In an open letter revealing she has multiple sclerosis, a former congresswoman appealed to her congressional colleagues to consider her story when deciding whether to repeal the Affordable Care Act.
Former Rep. Donna Edwards (D-Md.) argued in the letter, published Friday evening in The Washington Post, that the Republican attempts to repeal the landmark law endanger her personally given both her medical condition and the economically precarious position in which she finds herself.
Edwards made the case that her diagnosis of a chronic illness despite having a healthy lifestyle demonstrates the importance of protecting people with pre-existing conditions.
“I pray that as you finish doing whatever it is that you are doing with health care, you remember that I was one of your colleagues, that I worked hard and that I don’t have a preexisting condition because I was a bad person who led an unhealthy life,” she concluded the missive. “I have a preexisting condition simply because I do; and I, like millions of other Americans in the same situation, deserve quality, affordable health care.”
Edwards described a life as an avid runner and biker, who began experiencing muscular pains last year that she would later learn were symptoms of the autoimmune disease multiple sclerosis. While she was participating in a Democratic sit-in for gun control legislation on the House floor in June 2016, a House physician called her into his office and told her the diagnosis. Though she was shaken, Edwards recalled, she returned to the sit-in.
Edwards, a senior fellow at New York University School of Law’s Brennan Center for Justice, nonetheless described herself as “not employed.” She currently pays $800 in COBRA payments to keep the health insurance she had as a member of Congress, but that option will run out in June 2018.
“I’m not sure what I’ll do then,” Edwards wrote.
Edwards, who is a single mother, recounted that her financial struggles as a young woman prevented her from affording coverage for a time. Now, Edwards wrote, she again has a personal stake in the debate.
“One reason I ran for Congress was to help make sure no one would have to go through that, and I was proud to be one of the presiding officers when the Affordable Care Act passed. I did not think the law was perfect; I believed it was a good start,” she wrote. “I never thought I could have to go back to a time when I would not have health-care coverage.”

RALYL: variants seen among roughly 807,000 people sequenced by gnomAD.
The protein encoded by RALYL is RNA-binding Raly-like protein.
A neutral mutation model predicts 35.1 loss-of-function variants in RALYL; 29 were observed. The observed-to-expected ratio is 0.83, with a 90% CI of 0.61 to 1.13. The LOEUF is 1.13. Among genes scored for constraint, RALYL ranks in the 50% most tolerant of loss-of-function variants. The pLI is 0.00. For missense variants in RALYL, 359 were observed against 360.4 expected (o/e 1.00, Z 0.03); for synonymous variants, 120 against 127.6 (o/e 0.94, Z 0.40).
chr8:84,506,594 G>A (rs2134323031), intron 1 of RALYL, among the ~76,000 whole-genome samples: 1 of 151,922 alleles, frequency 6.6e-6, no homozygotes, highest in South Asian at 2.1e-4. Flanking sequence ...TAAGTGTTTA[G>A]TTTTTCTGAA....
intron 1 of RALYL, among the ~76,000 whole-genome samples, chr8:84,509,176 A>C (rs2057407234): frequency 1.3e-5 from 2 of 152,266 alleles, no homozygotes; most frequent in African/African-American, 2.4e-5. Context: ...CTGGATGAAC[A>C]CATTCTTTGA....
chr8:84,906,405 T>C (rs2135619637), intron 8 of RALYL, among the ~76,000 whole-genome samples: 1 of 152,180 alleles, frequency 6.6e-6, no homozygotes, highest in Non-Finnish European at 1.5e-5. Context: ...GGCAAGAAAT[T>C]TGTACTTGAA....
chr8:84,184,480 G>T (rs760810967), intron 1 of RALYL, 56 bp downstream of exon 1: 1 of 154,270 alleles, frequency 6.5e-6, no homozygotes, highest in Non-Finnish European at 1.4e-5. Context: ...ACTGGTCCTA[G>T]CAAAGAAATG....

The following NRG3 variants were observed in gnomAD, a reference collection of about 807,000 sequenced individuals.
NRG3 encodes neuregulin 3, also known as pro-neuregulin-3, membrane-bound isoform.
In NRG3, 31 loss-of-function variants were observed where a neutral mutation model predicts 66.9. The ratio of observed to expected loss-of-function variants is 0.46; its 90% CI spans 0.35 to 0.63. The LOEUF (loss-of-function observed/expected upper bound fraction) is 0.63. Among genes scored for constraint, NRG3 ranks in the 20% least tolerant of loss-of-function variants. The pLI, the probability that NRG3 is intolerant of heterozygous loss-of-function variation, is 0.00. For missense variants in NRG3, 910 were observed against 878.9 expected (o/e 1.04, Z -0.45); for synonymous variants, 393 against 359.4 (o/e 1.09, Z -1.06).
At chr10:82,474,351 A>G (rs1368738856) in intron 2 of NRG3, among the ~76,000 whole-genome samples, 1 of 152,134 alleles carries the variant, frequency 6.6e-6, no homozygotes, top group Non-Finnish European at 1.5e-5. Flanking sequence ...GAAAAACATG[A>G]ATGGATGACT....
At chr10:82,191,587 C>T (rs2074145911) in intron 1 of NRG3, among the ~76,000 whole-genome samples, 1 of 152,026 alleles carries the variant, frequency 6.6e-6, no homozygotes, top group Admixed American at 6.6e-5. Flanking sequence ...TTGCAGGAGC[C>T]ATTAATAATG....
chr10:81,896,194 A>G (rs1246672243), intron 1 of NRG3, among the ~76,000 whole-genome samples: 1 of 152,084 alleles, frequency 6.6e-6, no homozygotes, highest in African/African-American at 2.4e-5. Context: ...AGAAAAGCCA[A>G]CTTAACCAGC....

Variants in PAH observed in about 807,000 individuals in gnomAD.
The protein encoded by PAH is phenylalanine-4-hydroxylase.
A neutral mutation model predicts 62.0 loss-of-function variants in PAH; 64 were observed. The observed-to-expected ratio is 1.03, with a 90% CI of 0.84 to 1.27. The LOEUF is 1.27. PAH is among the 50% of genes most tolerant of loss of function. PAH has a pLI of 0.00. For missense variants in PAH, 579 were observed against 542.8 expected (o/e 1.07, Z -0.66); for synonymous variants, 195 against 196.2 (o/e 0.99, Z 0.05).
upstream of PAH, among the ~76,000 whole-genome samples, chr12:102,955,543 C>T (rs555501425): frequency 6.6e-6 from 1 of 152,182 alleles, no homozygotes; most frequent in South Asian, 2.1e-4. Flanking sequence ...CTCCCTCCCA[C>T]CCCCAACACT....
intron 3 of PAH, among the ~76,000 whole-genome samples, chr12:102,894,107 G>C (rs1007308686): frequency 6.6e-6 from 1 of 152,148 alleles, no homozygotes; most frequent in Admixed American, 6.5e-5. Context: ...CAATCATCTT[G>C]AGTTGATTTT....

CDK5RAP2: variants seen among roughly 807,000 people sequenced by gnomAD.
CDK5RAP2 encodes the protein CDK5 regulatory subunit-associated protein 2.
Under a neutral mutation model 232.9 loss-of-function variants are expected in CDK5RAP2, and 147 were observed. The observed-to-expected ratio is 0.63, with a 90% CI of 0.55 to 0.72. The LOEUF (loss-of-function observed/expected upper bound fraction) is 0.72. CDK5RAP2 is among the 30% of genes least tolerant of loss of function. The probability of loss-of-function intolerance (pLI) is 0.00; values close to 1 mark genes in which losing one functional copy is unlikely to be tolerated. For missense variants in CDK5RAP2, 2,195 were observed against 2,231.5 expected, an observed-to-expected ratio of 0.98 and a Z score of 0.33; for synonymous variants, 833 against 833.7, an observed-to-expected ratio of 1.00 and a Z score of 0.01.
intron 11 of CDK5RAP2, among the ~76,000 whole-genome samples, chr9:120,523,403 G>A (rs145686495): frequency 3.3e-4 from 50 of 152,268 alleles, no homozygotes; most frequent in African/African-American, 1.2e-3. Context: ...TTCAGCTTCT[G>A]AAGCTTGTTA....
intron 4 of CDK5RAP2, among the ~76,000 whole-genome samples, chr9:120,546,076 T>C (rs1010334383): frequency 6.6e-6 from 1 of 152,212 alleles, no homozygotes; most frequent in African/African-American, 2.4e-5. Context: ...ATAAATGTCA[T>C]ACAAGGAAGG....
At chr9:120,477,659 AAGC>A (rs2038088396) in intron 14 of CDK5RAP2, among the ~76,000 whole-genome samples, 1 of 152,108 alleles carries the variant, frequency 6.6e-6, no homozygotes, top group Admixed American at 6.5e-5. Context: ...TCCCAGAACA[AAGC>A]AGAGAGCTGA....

Edwards, a progressive stalwart, ran for an open Maryland Senate seat in 2016. She lost in the Democratic primary to fellow Maryland congressman Chris Van Hollen, who went on to win in the general election. She subsequently retired from the U.S. House, where she had served since 2008.
As an attorney, veteran liberal activist and former member of Congress, Edwards’ career prospects ― and consequent opportunities to receive employer-sponsored insurance ― would appear to be bright.
But many other Americans in her predicament would not be as fortunate without the ACA, commonly known as Obamacare. Obamacare ensured that insurance companies could not deny people coverage for preexisting conditions and created community rating regulations requiring insurers to set premiums regionally, rather than based on individuals’ medical histories.
It also enabled workers living above the poverty line without coverage from their employers to purchase insurance on regulated exchanges. The vast majority of people who buy that coverage benefit from major financial subsidies available to Americans below a certain income threshold.
The Obamacare repeal bill currently being considered by the Republican-dominated Senate would dramatically reduce the subsidies available to Americans who purchase coverage on the exchanges. Much of the savings from those reductions and massive cuts to Medicaid would go toward the cost of undoing taxes on the wealthy and corporations that were part of Obamacare.
The nonpartisan Congressional Budget Office estimates that as a result of the changes in the Senate bill, 22 million fewer Americans would have insurance over a ten-year period. That is only a modest improvement over a bill that passed the House in May, which CBO projects would result in 23 million fewer insured Americans.
The CBO score of the bill late last month spooked many Republicans, prompting Majority Leader Mitch McConnell (R-Ky.) to delay a vote until after the July Fourth congressional recess.